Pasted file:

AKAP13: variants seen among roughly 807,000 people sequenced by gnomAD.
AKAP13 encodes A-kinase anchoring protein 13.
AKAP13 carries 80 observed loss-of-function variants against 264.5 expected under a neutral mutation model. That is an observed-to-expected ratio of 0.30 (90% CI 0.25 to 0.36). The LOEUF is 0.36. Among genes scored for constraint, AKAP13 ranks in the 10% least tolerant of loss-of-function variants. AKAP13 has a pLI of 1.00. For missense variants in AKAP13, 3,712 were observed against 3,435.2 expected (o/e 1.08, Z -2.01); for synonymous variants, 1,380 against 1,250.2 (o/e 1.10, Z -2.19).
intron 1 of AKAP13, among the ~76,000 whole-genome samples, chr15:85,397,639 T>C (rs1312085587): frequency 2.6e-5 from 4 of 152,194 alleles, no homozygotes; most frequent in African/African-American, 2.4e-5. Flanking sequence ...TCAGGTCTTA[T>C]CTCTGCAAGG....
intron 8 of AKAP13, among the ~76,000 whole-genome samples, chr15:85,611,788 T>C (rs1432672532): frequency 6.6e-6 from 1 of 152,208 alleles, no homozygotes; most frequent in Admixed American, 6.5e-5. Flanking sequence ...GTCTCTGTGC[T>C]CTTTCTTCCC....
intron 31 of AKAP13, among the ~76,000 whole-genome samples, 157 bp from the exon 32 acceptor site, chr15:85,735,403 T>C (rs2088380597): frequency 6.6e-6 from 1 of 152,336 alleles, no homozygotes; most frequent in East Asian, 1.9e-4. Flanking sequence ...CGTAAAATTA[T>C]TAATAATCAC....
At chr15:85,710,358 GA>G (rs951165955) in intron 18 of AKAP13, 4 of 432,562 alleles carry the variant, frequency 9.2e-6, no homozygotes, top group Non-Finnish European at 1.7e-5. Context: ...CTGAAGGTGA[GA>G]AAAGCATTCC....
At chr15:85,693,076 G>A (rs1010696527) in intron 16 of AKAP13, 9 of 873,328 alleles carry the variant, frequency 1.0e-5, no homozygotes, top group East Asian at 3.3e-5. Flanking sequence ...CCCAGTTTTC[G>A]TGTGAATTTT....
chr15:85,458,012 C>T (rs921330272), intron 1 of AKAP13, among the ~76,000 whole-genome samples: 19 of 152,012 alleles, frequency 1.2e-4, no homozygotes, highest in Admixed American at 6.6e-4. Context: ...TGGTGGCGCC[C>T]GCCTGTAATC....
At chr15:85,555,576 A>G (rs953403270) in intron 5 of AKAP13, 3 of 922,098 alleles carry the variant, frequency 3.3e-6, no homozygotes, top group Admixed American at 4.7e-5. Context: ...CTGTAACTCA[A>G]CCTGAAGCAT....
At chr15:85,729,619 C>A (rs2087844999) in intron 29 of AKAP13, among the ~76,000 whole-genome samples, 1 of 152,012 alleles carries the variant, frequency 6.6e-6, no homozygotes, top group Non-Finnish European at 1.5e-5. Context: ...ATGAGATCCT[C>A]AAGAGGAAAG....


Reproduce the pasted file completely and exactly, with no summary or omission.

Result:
AKAP13: variants seen among roughly 807,000 people sequenced by gnomAD.
AKAP13 encodes A-kinase anchoring protein 13.
AKAP13 carries 80 observed loss-of-function variants against 264.5 expected under a neutral mutation model. That is an observed-to-expected ratio of 0.30 (90% CI 0.25 to 0.36). The LOEUF is 0.36. Among genes scored for constraint, AKAP13 ranks in the 10% least tolerant of loss-of-function variants. AKAP13 has a pLI of 1.00. For missense variants in AKAP13, 3,712 were observed against 3,435.2 expected (o/e 1.08, Z -2.01); for synonymous variants, 1,380 against 1,250.2 (o/e 1.10, Z -2.19).
intron 1 of AKAP13, among the ~76,000 whole-genome samples, chr15:85,397,639 T>C (rs1312085587): frequency 2.6e-5 from 4 of 152,194 alleles, no homozygotes; most frequent in African/African-American, 2.4e-5. Flanking sequence ...TCAGGTCTTA[T>C]CTCTGCAAGG....
intron 8 of AKAP13, among the ~76,000 whole-genome samples, chr15:85,611,788 T>C (rs1432672532): frequency 6.6e-6 from 1 of 152,208 alleles, no homozygotes; most frequent in Admixed American, 6.5e-5. Flanking sequence ...GTCTCTGTGC[T>C]CTTTCTTCCC....
intron 31 of AKAP13, among the ~76,000 whole-genome samples, 157 bp from the exon 32 acceptor site, chr15:85,735,403 T>C (rs2088380597): frequency 6.6e-6 from 1 of 152,336 alleles, no homozygotes; most frequent in East Asian, 1.9e-4. Flanking sequence ...CGTAAAATTA[T>C]TAATAATCAC....
At chr15:85,710,358 GA>G (rs951165955) in intron 18 of AKAP13, 4 of 432,562 alleles carry the variant, frequency 9.2e-6, no homozygotes, top group Non-Finnish European at 1.7e-5. Context: ...CTGAAGGTGA[GA>G]AAAGCATTCC....
At chr15:85,693,076 G>A (rs1010696527) in intron 16 of AKAP13, 9 of 873,328 alleles carry the variant, frequency 1.0e-5, no homozygotes, top group East Asian at 3.3e-5. Flanking sequence ...CCCAGTTTTC[G>A]TGTGAATTTT....
chr15:85,458,012 C>T (rs921330272), intron 1 of AKAP13, among the ~76,000 whole-genome samples: 19 of 152,012 alleles, frequency 1.2e-4, no homozygotes, highest in Admixed American at 6.6e-4. Context: ...TGGTGGCGCC[C>T]GCCTGTAATC....
At chr15:85,555,576 A>G (rs953403270) in intron 5 of AKAP13, 3 of 922,098 alleles carry the variant, frequency 3.3e-6, no homozygotes, top group Admixed American at 4.7e-5. Context: ...CTGTAACTCA[A>G]CCTGAAGCAT....
At chr15:85,729,619 C>A (rs2087844999) in intron 29 of AKAP13, among the ~76,000 whole-genome samples, 1 of 152,012 alleles carries the variant, frequency 6.6e-6, no homozygotes, top group Non-Finnish European at 1.5e-5. Context: ...ATGAGATCCT[C>A]AAGAGGAAAG....